MUSC The Catalyst
MUSC arial view


MUSCMedical LinksCharleston LinksArchivesCatalyst AdvertisersSeminars and EventsResearch StudiesPublic RelationsResearch GrantsCatalyst PDF FileMUSC home pageCommunity HappeningsCampus NewsApplause

MUSCMedical LinksCharleston LinksArchivesCatalyst AdvertisersSeminars and EventsResearch StudiesPublic RelationsResearch GrantsMUSC home pageCommunity HappeningsCampus NewsApplause


Meducare buddies team up for weight loss

by Cindy Abole
Public Relations
The staff of MUSC-Meducare are known for their quick response and teamwork in supporting their everyday mission of caring for and transporting patients. Within this group of top notch critical care paramedics, dispatchers, emergency medical technicians, flight nurses and transport staff is a cadre of men and women who’ve made the choice of mastering their health destinies by adopting lifestyle changes that will lead to healthier lives.
For almost two years, 10 Meducare employees committed themselves to losing weight and keeping it off. The idea was part of a domino effect begun by Meducare nurse manager Melissa Feather, R.N., and Russell Ward, Meducare Ground Services, which expanded to eight others, including critical care paramedics Jackie Roper and Susan Dew. One-by-one these employees committed to MUSC Weight Management Center’s Focus Program, a 15-week intensive change program that focuses on moderate weight loss through healthy eating featuring meal supplements, exercise and nutrition education. The team worked closely with Josh Brown, Ph.D., director of clinical services at the Weight Management Center.
“At first I didn’t notice the pattern of Meducare employees who were coming in for consultation,” said Brown. “Then I saw they were trickling in—one-by-one. Eventually I saw a lot of motivation among employees throughout the program. What they eventually did was establish an environment at work that promoted healthy eating behaviors and support through positive interaction and activity.”
Within eight months, Feather, who was pre-diabetic at the start of the program, lost 45 pounds. Ward, who was able to cut his cholesterol medications in half by February, shed more than 35 pounds. Roper and Dew, who joined the effort last April, each were 40 pounds lighter and still losing pounds and inches.
“I knew I wanted to do something,” said Feather, who committed to the Focus program in spring 2007 and is now pregnant. “Like many people, I made it my New Year’s resolution to lose weight. I tried them all, but this program was different. I was ready for a certain level of commitment that I knew I was capable of following. The program gave me the right tools, motivation and support to succeed.”
Like most people, Feather, Ward and the others learned about food choices and the value of portion control. For the first eight weeks, they incorporated meal replacements such as nutrition bars, shakes and other products into their diets. As a group, they shared bars, shakes, recipes, blenders and other equipment at their second-floor office located at Charleston Memorial Hospital. They learned the positive effects of proper hydration—substituting two liters of water daily for soda. During the last eight weeks of the program, participants transitioned from eating supplements to more whole foods.
“The program taught me the proper way of recognizing hunger and eating right to fulfill that,” Feather said. “I learned to listen to my body.”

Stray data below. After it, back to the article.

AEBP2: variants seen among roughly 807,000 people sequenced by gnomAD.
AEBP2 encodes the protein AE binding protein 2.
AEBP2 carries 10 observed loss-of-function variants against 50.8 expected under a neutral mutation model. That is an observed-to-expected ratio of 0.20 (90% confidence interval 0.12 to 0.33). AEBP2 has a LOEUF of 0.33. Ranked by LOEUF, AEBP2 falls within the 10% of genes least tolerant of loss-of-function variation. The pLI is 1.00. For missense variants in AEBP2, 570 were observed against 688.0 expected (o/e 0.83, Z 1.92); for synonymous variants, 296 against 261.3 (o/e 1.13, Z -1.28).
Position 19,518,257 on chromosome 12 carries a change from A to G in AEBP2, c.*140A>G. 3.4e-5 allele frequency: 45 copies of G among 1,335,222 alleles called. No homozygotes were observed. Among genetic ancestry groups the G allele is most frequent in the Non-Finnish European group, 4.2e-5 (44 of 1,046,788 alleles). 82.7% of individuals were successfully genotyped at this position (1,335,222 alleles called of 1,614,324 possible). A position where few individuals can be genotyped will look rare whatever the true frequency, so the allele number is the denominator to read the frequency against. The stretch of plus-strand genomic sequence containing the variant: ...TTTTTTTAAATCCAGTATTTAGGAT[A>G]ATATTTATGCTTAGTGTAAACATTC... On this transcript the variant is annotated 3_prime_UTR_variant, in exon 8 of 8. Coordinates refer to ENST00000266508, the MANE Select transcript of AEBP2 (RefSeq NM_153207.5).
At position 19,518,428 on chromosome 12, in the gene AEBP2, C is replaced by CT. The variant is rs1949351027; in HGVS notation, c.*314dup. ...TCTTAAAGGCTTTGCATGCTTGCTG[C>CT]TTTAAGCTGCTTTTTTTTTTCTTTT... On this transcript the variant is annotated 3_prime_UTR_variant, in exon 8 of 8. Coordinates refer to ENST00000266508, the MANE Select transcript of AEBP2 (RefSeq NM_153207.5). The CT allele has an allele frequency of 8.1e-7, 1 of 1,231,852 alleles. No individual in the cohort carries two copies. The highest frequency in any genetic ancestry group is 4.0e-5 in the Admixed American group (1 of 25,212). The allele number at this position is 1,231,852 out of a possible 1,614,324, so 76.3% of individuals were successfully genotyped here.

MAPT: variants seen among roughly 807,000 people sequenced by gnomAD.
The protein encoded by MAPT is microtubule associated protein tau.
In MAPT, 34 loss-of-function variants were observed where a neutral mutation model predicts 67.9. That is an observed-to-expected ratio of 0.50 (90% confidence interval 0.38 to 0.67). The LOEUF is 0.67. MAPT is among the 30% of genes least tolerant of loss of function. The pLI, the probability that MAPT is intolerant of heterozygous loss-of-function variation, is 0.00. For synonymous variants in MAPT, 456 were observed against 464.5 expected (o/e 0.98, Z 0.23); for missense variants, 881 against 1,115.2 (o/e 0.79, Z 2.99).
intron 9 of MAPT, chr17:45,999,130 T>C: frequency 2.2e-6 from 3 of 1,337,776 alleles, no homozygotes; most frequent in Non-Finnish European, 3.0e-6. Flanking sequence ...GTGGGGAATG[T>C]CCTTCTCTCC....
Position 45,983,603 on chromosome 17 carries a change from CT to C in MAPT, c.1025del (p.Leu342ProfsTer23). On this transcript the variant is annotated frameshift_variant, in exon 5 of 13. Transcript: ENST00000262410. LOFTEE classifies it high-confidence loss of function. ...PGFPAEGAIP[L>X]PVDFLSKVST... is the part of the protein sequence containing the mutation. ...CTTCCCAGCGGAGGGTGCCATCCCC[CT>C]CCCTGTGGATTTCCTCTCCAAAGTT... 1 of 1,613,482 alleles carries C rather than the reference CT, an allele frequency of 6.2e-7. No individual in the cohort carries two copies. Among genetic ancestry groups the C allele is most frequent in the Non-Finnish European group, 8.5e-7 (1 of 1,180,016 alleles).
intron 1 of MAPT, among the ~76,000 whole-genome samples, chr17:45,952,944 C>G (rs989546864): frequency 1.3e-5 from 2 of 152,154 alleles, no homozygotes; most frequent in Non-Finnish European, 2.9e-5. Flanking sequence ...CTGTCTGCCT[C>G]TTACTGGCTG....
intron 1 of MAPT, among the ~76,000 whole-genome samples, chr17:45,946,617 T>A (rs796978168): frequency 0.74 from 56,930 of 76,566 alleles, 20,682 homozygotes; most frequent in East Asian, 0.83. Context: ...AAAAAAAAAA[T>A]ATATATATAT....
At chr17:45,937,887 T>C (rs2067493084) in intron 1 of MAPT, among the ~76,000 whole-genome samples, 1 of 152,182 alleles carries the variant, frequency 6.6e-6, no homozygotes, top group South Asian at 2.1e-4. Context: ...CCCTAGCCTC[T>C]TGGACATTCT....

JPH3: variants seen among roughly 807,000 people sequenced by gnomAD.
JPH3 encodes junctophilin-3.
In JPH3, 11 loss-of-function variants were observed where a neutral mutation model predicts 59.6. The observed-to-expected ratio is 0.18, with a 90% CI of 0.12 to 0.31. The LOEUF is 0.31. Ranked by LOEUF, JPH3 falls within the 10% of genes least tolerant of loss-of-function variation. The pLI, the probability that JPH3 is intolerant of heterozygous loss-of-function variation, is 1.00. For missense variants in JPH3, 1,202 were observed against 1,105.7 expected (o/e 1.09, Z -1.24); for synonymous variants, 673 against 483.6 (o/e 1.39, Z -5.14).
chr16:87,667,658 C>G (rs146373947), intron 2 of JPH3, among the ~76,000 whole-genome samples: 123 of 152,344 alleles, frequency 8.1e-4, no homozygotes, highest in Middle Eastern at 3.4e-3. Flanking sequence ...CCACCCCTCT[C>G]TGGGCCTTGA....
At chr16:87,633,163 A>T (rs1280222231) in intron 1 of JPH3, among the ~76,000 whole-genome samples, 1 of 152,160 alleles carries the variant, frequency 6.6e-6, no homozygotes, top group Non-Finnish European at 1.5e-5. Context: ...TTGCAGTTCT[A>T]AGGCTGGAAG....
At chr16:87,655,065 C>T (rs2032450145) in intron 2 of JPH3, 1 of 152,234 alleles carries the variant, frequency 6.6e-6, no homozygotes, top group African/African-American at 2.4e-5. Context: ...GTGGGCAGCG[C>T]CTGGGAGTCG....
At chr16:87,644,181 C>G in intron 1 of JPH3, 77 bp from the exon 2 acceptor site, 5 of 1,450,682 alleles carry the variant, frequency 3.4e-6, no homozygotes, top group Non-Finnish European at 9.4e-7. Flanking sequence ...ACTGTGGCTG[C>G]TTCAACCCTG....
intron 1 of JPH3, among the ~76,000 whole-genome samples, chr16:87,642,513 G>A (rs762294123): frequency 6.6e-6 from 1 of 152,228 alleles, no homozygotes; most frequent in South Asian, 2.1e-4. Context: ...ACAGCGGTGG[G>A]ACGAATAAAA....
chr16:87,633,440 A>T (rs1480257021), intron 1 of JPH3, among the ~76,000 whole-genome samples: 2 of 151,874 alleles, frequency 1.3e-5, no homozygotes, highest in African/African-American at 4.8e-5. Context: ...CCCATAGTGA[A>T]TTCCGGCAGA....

Meducare Focus participants also attended weekly weigh-ins and nutritional/education classes with either Brown, a dietitian, exercise physiologist or other Weight Management team specialist. To help realize their daily progress, participants charted their weight using graphs and recorded their meals using food diaries to assist in their long-term success. They also discussed issues, focused on goals and shared ideas for changing behaviors connected with poor habits such as stress eating.
In addition to learning about proper food and nutrition, they engaged in regular exercise and other physical activities. Participants were given a pedometer and challenged to walk 10,000 steps a day. Feather and Ward enjoyed the challenge of purposely walking a little out of the way to meetings at other locations around campus. Roper, who works the evening shift, joined the Summerville YMCA and included walking, bike rides and rowing into her fitness routine.
Currently, the group is in maintenance mode. Some are happy with their progress while others are determined to continue toward their weight loss goals. Brown stated, “We spend so much of our lives at our jobs, so working in an environment that appreciates and promotes weight management and health greatly facilitates successful long-term weight control. Let’s all do what we can to encourage the health of our work community.”
“This is one of the easiest and hardest weight loss programs I’ve participated in,” said Dew. “It demands a lot of one’s time and effort in learning about foods, making choices and shopping. I feel great, and I’m glad I did it.”
For information, contact MUSC Weight Management Center, 792-CARE or

Friday, May 1, 2009

The Catalyst Online is published weekly by the MUSC Office of Public Relations for the faculty, employees and students of the Medical University of South Carolina. The Catalyst Online editor, Kim Draughn, can be reached at 792-4107 or by email, Editorial copy can be submitted to The Catalyst Online and to The Catalyst in print by fax, 792-6723, or by email to To place an ad in The Catalyst hardcopy, call Island Publications at 849-1778, ext. 201.